Adaptation tracking seeks to characterize, monitor, and compare general trends in climate change adaptation over time and across nations. Recognized as essential for evaluating adaptation progress, there have been few attempts to develop systematic approaches for tracking adaptation. This is reflected in polarized opinions, contradictory findings, and lack of understanding on the state of adaptation globally. In this paper, we outline key methodological considerations necessary for adaptation tracking research to produce systematic, rigorous, comparable, and usable insights that can capture the current state of adaptation globally, provide the basis for characterizing and evaluating adaptations taking place, facilitate examination of what conditions explain differences in adaptation action across jurisdictions, and can underpin the monitoring of change in adaptation over time. Specifically, we argue that approaches to adaptation tracking need to (i) utilize a consistent and operational conceptualization of adaptation, (ii) focus on comparable units of analysis, (iii) use and develop comprehensive datasets on adaptation action, and (iv) be coherent with our understanding of what constitutes real adaptation. Collectively, these form the 4Cs of adaptation tracking (consistency, comparability, comprehensiveness, and coherency).
Melanie is in Potsdam, Germany this week taking part in a Permafrost Young Researcher Network workshop and attending the International Conference on Permafrost (ICOP2016) which will run until Friday. Melanie presented the research from her master’s thesis on evaluating adaptation projects in a permafrost environment. The talk focused on some of the key aspects of creating usable science when producing community hazard maps for permafrost and outlined the importance of monitoring and evaluation in adaptation projects in order to provide learning opportunities ad identify best practice in climate change adaptation actions. Keep up with the conference through Melanie’s Twitter account (MelanieFlynn88). Find Mel’s PowerPoint slides here.
Vulnerability and adaptive capacity of Inuit women to climate change: a case study from Iqaluit, Nunavut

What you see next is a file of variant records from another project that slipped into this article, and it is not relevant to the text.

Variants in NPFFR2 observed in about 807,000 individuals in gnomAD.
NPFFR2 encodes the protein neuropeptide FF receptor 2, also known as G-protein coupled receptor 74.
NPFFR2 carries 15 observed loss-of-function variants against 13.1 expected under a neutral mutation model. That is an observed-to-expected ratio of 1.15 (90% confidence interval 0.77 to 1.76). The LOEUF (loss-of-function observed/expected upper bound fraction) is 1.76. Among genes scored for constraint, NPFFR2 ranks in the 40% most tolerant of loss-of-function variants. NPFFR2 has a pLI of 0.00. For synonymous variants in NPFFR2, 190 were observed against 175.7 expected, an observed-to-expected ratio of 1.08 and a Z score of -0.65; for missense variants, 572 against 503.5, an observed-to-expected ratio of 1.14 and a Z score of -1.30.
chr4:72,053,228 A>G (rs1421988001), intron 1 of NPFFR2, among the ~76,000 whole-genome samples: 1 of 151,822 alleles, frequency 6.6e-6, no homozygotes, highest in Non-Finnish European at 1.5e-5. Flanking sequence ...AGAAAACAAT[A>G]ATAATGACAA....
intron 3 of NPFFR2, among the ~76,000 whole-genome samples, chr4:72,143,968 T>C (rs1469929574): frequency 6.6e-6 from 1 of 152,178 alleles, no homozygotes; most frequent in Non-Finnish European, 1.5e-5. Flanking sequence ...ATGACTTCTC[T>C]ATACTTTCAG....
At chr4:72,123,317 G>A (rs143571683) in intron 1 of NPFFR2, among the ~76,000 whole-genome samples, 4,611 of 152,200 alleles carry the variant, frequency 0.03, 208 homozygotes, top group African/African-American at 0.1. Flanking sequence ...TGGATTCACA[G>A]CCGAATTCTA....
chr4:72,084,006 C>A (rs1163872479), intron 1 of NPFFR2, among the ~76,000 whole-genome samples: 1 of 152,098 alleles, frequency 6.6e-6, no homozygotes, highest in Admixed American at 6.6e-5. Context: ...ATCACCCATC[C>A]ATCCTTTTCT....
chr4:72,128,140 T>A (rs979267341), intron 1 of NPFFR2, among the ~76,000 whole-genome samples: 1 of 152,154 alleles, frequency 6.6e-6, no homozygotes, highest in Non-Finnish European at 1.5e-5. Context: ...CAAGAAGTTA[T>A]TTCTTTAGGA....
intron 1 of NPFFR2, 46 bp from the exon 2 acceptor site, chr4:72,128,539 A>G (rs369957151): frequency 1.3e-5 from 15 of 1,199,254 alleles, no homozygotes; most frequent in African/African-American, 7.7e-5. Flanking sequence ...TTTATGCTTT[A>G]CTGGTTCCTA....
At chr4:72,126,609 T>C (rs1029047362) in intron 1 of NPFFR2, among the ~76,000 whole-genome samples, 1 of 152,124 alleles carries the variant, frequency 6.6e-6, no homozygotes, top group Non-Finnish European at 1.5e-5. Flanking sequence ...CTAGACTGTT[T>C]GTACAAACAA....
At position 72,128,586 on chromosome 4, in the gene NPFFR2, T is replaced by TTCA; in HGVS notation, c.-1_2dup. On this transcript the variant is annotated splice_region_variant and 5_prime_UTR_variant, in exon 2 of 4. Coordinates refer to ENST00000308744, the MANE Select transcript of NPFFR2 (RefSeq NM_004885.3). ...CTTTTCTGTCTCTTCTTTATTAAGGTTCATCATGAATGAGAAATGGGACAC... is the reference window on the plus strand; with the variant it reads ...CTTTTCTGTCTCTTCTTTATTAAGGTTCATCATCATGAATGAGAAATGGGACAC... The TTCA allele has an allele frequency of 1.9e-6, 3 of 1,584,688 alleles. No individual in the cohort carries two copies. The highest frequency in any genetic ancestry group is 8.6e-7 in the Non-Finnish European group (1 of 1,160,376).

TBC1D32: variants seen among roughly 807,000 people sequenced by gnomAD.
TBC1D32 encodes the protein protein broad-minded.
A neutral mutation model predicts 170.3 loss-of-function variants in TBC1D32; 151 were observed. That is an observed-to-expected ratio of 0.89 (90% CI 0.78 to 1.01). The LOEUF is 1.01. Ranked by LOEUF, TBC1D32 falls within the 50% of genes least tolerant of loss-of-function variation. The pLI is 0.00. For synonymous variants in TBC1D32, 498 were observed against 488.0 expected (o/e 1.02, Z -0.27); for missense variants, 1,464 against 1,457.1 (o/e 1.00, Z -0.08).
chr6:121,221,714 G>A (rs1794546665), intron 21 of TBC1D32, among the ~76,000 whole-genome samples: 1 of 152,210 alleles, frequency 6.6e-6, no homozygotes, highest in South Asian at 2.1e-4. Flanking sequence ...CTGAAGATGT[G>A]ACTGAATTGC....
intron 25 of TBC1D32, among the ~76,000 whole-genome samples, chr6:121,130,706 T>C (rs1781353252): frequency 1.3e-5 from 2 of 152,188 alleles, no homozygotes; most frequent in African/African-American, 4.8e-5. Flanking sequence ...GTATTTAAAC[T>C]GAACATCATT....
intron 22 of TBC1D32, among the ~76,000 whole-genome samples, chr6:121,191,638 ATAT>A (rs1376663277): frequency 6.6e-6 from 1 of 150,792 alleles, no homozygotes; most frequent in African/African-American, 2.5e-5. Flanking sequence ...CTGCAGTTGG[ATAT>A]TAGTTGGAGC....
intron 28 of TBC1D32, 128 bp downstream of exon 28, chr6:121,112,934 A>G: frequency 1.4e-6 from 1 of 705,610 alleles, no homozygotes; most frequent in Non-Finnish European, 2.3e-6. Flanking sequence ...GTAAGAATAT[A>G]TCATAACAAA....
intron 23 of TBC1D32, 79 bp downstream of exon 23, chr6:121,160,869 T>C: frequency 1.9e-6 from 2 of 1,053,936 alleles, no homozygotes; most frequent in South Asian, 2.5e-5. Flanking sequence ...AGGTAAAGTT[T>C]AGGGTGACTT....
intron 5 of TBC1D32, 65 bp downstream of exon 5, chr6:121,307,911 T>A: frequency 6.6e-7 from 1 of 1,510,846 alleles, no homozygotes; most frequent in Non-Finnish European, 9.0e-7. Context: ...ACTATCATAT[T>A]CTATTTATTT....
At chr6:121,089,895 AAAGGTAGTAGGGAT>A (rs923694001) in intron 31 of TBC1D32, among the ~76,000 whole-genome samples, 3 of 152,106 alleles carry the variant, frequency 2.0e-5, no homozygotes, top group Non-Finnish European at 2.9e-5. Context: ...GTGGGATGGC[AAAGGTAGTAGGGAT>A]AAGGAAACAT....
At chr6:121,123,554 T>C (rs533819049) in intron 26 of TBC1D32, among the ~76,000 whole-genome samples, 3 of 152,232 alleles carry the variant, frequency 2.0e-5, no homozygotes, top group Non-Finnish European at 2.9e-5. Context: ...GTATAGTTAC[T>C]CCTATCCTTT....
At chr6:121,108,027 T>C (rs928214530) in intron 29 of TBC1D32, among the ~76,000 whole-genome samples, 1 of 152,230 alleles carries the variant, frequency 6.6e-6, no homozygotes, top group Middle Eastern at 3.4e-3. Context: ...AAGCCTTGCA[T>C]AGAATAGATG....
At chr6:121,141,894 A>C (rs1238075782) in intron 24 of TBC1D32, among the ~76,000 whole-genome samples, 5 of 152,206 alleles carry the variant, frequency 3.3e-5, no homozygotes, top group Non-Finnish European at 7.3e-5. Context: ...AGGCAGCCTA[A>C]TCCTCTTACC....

Bunce, A., Ford, J.D., Harper, S., Edge, V., and IHACC Research Team (2016) Vulnerability and adaptive capacity of Inuit women to climate change: a case study from Iqaluit, Nunavut. Natural Hazards, 1-23.
Climate change impacts in the Arctic will be differentiated by gender, yet few empirical studies have investigated how. We use a case study from the Inuit community of Iqaluit, Nunavut, to identify and characterize vulnerability and adaptive capacity of Inuit women to changing climatic conditions. Interviews were conducted with 42 Inuit women and were complimented with focus group discussions and participant observation to examine how women have experienced and responded to changes in climate already observed. Three key traditional activities were identified as being exposed and sensitive to changing conditions: berry picking, sewing, and the amount of time spent on the land. Several coping mechanisms were described to help women manage these exposure sensitivities, such as altering the timing and location of berry picking, and importing seal skins for sewing. The adaptive capacity to employ these mechanisms differed among participants; however, mental health, physical health, traditional/western education, access to country food and store bought foods, access to financial resources, social networks, and connection to Inuit identity emerged as key components of Inuit women’s adaptive capacity. The study finds that gender roles result in different pathways through which changing climatic conditions affect people locally, although the broad determinants of vulnerability and adaptive capacity for women are consistent with those identified for men in the scholarship more broadly.